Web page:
Helping Trophy Ranchers

By Beacon Staff

The end of 2007 saw a flurry of new conservation easements in Montana and Flathead County. Good news? Perhaps not.

First, the main reason for this flurry isn’t idealism. It’s money. Stuffed way down in the Pensions Protection Act of 2006, apparently by Sen. Max Baucus, D-Mont., is Section 1206 covering “provisions relating to exempt organizations.”

Since the mid-1970s, federal law has allowed parties donating conservation easements to shield up to 30 percent of their adjusted gross income from income tax for up to five years or until the value of the easement is amortized. This law first came about because land trusts (primarily The Nature Conservancy, which today is still the largest) realized they would never be able to “save” all the land they wanted by actually buying it. They therefore prevailed upon Congress to pass tax breaks for donated easements – in effect, playing the time-honored political game of using “Other People’s Money.”

Section 1206, which expired Dec. 31, temporarily expanded upon existing law by “Using Even More Other People’s Money;” upping the payoff period to 15 years and the tax shelter percentage to 50 percent in all cases. For landowners who make more than 50 percent of their gross income from agriculture, the shelter is 100 percent of adjusted gross income. That’s a heck of an incentive for a cash-strapped rancher. For one 2,600-acre ranch down at Wisdom, The Nature Conservancy (TNC) bought one-fourth of the development rights (a bit of cash) while the family donated the rest (what the Billings Gazette called “a big break on his income taxes” on what little they make ranching. TNC representative Tana Kappel told the Gazette that “the fact that the law is expiring was motivation for [the family] to complete the easement.” Under the old law, 30 percent of nothing for five years is nothing, after all.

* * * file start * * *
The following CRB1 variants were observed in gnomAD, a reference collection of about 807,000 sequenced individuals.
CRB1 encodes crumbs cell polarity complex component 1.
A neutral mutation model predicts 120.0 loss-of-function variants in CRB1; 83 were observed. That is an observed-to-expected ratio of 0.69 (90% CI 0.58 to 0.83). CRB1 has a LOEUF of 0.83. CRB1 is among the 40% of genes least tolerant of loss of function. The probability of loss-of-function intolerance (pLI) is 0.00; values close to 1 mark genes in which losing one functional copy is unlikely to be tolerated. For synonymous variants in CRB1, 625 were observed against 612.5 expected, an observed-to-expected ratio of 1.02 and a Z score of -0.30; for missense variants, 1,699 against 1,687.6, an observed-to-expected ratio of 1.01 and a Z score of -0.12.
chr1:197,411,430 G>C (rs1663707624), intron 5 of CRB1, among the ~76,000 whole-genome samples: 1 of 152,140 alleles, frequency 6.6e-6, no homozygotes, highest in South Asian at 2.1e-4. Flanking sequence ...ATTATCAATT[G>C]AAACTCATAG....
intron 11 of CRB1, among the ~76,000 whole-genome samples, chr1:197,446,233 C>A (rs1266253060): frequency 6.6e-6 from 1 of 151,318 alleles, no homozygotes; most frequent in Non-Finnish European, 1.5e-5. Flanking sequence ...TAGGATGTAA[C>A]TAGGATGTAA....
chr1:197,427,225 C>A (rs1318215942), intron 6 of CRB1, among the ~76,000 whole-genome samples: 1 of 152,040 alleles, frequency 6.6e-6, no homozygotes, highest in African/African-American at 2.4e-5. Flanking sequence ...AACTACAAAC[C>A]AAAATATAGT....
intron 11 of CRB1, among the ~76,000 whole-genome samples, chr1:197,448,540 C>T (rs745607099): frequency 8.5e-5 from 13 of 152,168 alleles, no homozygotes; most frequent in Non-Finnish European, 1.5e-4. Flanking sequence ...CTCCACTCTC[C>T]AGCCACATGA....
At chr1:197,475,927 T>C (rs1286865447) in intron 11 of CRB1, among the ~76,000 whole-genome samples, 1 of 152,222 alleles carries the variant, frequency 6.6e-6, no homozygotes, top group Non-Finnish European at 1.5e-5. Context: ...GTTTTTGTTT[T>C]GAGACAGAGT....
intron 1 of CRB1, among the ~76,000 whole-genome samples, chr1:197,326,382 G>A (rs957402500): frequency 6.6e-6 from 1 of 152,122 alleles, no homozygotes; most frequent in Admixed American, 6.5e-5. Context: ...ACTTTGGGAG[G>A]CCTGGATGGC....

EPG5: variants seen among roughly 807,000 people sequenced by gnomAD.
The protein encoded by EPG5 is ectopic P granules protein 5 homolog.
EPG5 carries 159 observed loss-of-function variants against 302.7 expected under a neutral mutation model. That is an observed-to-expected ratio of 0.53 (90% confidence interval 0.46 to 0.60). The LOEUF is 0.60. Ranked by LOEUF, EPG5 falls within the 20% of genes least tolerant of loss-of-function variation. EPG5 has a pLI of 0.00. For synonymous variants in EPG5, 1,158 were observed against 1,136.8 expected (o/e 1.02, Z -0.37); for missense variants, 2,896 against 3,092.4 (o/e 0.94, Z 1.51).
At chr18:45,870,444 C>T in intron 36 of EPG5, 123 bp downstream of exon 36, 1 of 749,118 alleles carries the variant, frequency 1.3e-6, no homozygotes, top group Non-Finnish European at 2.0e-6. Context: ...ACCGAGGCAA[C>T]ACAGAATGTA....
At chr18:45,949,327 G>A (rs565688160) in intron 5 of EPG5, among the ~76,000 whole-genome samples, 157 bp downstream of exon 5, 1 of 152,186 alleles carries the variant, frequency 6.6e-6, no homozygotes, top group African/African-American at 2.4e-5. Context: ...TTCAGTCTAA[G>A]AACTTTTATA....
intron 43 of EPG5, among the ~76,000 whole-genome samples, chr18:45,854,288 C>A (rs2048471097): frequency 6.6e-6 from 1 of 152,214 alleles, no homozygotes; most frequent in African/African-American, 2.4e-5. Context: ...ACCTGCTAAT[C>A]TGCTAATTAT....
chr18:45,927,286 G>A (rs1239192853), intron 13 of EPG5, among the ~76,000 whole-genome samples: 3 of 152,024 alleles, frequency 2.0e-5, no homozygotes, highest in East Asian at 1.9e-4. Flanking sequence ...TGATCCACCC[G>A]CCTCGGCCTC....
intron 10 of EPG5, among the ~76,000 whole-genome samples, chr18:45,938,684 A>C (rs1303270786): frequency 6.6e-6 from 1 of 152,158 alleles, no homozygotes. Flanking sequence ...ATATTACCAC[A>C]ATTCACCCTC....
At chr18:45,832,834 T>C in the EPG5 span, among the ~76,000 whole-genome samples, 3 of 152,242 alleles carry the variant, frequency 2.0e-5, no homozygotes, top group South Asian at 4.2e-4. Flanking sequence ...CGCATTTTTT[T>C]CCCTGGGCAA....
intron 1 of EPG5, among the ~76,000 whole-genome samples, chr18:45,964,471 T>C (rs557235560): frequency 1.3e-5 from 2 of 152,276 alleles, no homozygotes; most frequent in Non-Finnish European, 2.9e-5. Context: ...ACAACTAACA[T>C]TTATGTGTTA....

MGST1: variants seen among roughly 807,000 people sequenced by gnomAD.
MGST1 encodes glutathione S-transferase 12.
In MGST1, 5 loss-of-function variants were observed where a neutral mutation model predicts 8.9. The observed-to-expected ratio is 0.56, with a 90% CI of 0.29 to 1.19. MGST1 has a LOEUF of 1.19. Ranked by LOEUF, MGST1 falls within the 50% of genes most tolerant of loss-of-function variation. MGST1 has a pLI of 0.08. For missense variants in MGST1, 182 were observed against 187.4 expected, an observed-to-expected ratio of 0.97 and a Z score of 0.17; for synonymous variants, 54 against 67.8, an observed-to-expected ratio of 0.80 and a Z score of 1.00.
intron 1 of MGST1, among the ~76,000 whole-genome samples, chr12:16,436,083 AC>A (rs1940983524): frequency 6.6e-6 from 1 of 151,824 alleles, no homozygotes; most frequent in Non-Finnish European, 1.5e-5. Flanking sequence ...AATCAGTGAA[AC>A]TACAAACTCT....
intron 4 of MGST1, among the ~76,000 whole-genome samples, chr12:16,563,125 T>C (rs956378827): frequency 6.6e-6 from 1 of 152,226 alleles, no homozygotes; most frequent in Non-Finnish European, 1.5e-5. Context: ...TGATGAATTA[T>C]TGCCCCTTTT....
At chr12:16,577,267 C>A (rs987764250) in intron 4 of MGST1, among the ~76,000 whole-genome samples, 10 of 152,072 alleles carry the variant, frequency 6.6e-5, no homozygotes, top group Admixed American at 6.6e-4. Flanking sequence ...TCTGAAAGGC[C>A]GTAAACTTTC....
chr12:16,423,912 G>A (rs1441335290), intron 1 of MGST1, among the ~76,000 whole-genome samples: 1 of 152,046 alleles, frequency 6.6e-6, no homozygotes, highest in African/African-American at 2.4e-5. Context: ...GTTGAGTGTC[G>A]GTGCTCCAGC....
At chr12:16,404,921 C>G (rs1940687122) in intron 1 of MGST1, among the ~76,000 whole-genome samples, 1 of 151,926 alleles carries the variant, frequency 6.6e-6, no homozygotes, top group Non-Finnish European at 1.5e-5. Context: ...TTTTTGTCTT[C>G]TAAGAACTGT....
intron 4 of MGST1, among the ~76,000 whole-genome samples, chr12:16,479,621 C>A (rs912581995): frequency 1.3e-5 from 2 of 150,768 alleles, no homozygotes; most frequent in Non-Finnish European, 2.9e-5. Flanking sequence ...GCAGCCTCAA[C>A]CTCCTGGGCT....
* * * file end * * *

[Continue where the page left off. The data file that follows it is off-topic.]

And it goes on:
Here in the Flathead, Glenn and Hazel Johnston put the old family place on Columbia Falls Stage Road under easement. Dr. Johnston, retired from his psychiatry practice in Salt Lake, picked rocks there as a kid and like most of us, would hate to see it go. But because, as Jim Mann of the Daily Inter Lake wrote, “people end up having to sell off part of the land they inherit just to pay the estate tax,” the Johnstons made the deal.

But there are others, who probably neither need nor deserve help getting in on the game. TNC just signed another easement on 8,900 acres near Twin Bridges owned by a Rockefeller heiress.

Near Ennis, the Sun Ranch is in line to have 11,000 acres placed under easement, paid for with $4.43 million specifically set aside by Baucus in the latest 9,000-plus-earmarks 2008 Omnibus Appropriations Bill.

Sun Ranch owner Roger Lang is a California software tycoon who scored $313 million in IPO money in 1996, and used some to buy the 18,700-acre Sun Ranch from fading action star Steven Seagal in 1998. Lang has already set aside 6,800 acres in an easement donated to The Nature Conservancy in 2003.

Currently, Lang has a lodge at the Sun Ranch. Luxist.com explains packages for those “hankering for luxury, a Western [and] eco-friendly experience” start at $900 per person, double occupancy for three nights.

Furthermore, Lang just bought the 7,000-acre Schroeder ranch in the Bitterroot for $26 million. The Missoulian reported on Dec. 17 that Lang will put much of the land under conservation easement while developing an “eco-lodge” plus “a dozen or so homesites on the ranch.”

Add in a Wheeler and Associates report that Montana’s luxury land market is not slowing a bit (up 47% in 2006 alone) while the small-place market has bombed, and it looks like Lang knows what he’s doing – darn well – not just by selling those exclusive homesites at a premium, but also by pocketing his tax savings.

As for the rest of us, Lang’s savings, and those realized in every one of these multi-million-dollar deals, will have to be made up by every other taxpayer in America … or their grandchildren.

Hey, we shouldn’t mind rich people keeping their money. But paying taxes to make up for breaks that make them even richer? No thanks.